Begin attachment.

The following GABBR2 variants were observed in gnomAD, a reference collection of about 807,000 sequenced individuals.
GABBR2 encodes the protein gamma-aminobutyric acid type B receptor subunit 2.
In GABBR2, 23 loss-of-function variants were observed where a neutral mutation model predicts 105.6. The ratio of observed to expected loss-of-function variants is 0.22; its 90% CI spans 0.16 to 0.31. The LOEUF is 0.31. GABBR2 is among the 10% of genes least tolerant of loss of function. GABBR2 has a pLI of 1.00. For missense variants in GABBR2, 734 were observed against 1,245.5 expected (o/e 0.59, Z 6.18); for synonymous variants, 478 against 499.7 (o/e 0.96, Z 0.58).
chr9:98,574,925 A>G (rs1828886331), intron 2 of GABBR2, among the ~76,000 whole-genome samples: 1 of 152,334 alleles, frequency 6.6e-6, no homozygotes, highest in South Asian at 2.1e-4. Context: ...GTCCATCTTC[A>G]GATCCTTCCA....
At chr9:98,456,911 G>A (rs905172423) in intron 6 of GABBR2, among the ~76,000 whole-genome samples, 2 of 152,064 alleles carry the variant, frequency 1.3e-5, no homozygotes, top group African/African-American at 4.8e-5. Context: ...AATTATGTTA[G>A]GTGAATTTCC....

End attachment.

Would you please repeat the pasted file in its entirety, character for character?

The following GABBR2 variants were observed in gnomAD, a reference collection of about 807,000 sequenced individuals.
GABBR2 encodes the protein gamma-aminobutyric acid type B receptor subunit 2.
In GABBR2, 23 loss-of-function variants were observed where a neutral mutation model predicts 105.6. The ratio of observed to expected loss-of-function variants is 0.22; its 90% CI spans 0.16 to 0.31. The LOEUF is 0.31. GABBR2 is among the 10% of genes least tolerant of loss of function. GABBR2 has a pLI of 1.00. For missense variants in GABBR2, 734 were observed against 1,245.5 expected (o/e 0.59, Z 6.18); for synonymous variants, 478 against 499.7 (o/e 0.96, Z 0.58).
chr9:98,574,925 A>G (rs1828886331), intron 2 of GABBR2, among the ~76,000 whole-genome samples: 1 of 152,334 alleles, frequency 6.6e-6, no homozygotes, highest in South Asian at 2.1e-4. Context: ...GTCCATCTTC[A>G]GATCCTTCCA....
At chr9:98,456,911 G>A (rs905172423) in intron 6 of GABBR2, among the ~76,000 whole-genome samples, 2 of 152,064 alleles carry the variant, frequency 1.3e-5, no homozygotes, top group African/African-American at 4.8e-5. Context: ...AATTATGTTA[G>A]GTGAATTTCC....